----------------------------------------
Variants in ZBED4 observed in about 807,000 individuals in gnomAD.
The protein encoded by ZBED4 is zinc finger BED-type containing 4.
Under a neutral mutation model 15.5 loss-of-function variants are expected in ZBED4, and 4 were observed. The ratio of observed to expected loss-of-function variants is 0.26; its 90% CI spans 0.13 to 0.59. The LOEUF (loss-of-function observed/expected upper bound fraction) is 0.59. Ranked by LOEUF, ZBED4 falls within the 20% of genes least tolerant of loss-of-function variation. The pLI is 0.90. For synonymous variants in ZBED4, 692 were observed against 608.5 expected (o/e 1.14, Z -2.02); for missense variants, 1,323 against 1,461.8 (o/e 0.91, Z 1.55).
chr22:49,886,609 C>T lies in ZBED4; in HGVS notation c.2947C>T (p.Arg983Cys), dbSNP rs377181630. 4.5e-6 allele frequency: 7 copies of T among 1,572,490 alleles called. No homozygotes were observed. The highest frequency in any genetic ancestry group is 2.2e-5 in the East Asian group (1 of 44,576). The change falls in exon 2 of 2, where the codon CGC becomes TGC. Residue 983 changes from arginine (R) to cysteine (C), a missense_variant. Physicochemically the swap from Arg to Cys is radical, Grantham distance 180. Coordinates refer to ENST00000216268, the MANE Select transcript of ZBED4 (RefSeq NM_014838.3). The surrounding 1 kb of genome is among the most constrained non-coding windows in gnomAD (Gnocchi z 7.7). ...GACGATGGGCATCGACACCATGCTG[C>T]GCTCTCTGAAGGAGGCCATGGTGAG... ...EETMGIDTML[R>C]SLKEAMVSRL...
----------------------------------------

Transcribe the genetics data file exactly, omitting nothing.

Variants in ZBED4 observed in about 807,000 individuals in gnomAD.
The protein encoded by ZBED4 is zinc finger BED-type containing 4.
Under a neutral mutation model 15.5 loss-of-function variants are expected in ZBED4, and 4 were observed. The ratio of observed to expected loss-of-function variants is 0.26; its 90% CI spans 0.13 to 0.59. The LOEUF (loss-of-function observed/expected upper bound fraction) is 0.59. Ranked by LOEUF, ZBED4 falls within the 20% of genes least tolerant of loss-of-function variation. The pLI is 0.90. For synonymous variants in ZBED4, 692 were observed against 608.5 expected (o/e 1.14, Z -2.02); for missense variants, 1,323 against 1,461.8 (o/e 0.91, Z 1.55).
chr22:49,886,609 C>T lies in ZBED4; in HGVS notation c.2947C>T (p.Arg983Cys), dbSNP rs377181630. 4.5e-6 allele frequency: 7 copies of T among 1,572,490 alleles called. No homozygotes were observed. The highest frequency in any genetic ancestry group is 2.2e-5 in the East Asian group (1 of 44,576). The change falls in exon 2 of 2, where the codon CGC becomes TGC. Residue 983 changes from arginine (R) to cysteine (C), a missense_variant. Physicochemically the swap from Arg to Cys is radical, Grantham distance 180. Coordinates refer to ENST00000216268, the MANE Select transcript of ZBED4 (RefSeq NM_014838.3). The surrounding 1 kb of genome is among the most constrained non-coding windows in gnomAD (Gnocchi z 7.7). ...GACGATGGGCATCGACACCATGCTG[C>T]GCTCTCTGAAGGAGGCCATGGTGAG... ...EETMGIDTML[R>C]SLKEAMVSRL...